Better than: Hippie bullshit, man.
It is occasionally necessary for us to break the proverbial fourth wall when reviewing a show. This adds perspective, tempers the critiques that toe the line of hyperbole, and allows us to shamelessly express glowing opinions that, without preface, would undermine our dedication to unbiased reviews.
With that said, there was a time in my life when I wanted to be a member of the Black Crowes.
As a guitarist and a music fan, I thought the Crowes' first four albums were everything I had ever wanted from a band. It was as if Steve Marriott was fronting the Mick Taylor-era Rolling Stones, had they spent their period as tax exiles in the swamps of Gainesville rather than the French Riviera. And while most people tend to focus on the Southern-sounding parts of the band's music, the Black Crowes have gracefully touched or referenced all that is great in roots and rock music over the course of a monster discography with the swagger, piss, and vinegar that grunge (Soundgarden not included*) had all but stomped out in the early '90s. The Crowes weren't just a vintage-flavored rock band with some gutsy riffs: The songs were fantastic to boot!
Unfortunately, the trappings of the golden-era of rock music came with the sounds and look, and frontman Chris Robinson's history with the needle is now as storied and documented as that of his heroes. Robinson has since beat the odds and avoided the spot many had reserved for him on the list of greats taken too soon, and the band has come through what would seem an endless cycle of lineup swaps, in-fighting between the brothers Robinson, and increasingly less potent records to re-form and hit the road again.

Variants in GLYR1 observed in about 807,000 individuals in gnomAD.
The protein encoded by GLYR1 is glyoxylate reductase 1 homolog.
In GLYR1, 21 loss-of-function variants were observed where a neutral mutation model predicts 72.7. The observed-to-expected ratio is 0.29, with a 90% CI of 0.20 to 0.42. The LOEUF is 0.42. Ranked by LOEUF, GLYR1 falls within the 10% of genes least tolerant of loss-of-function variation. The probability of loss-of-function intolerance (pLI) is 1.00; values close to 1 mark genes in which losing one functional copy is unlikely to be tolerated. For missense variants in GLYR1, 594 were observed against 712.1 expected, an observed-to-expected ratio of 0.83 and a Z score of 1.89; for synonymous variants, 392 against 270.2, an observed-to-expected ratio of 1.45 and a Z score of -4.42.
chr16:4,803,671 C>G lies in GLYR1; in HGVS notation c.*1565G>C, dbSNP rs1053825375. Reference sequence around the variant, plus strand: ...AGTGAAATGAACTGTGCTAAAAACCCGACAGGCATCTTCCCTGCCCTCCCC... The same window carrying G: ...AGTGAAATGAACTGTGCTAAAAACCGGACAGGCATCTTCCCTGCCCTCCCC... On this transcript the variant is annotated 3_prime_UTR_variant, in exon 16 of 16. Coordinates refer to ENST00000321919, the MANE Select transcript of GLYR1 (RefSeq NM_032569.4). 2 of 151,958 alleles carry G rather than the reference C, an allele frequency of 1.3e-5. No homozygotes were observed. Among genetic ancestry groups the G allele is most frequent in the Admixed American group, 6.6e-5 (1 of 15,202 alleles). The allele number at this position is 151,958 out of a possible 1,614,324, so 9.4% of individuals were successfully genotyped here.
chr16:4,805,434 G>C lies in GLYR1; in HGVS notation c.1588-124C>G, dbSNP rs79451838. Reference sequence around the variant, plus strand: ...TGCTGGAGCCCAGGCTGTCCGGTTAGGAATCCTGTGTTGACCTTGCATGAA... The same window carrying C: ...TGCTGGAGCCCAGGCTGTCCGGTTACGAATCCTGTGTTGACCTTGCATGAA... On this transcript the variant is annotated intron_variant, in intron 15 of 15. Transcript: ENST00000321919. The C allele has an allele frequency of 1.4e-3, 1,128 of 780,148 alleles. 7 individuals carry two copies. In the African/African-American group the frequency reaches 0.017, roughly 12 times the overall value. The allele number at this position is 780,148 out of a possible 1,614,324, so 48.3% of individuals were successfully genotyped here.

When it was announced that the Black Crowes were one of SunFest 2013's headliners, there was a healthy dose of trepidation on our end. Would our attendance be met with by meandering jams and hippie-flavored jangles of the band's late career? When we saw Robinson perform with the Chris Robinson Brotherhood recently, there was not a single soulful howl granted over the entirety of a three-hour performance, leaving us to assume the fire that had lived in the man's belly may well have been (understandably) quenched in the name of recovery and age.
However, before the Black Crowes made their return to South Florida, we found our way to the Tire Kingdom Stage and packed in with the poncho'd masses to catch Texas-bred guitar phenom Gary Clark Jr. perform.
Clark was neck deep in the throes a fuzz-riddled guitar fit when the rain let loose again, further saturating the already wet crowd. The young man -- now the darling of every guitar magazine on the stands -- wrung the piss out of his Epiphone Casino as he rode wave after wave of Hendrix-approved fuzz to the adulation of the crowd. The set moved nicely, and Clark's band kept the grooves deep and the pocket cozy during the more R&B-influenced numbers he sang. Heavy raindrops turned to vapor as they assaulted the cans of hot stage lighting overhead during Clark's final romp of the night, which started with a devastating cover of Jimi's "Third Stone From the Sun." During the song, Clark dropped a guitar solo that sounded like a DJ scratching a record into the man's own take on Albert Collins' "If You Love Me Like You Say" and closed with a vicious rundown of "Bright Lights" that had the the soggy crowd swaying.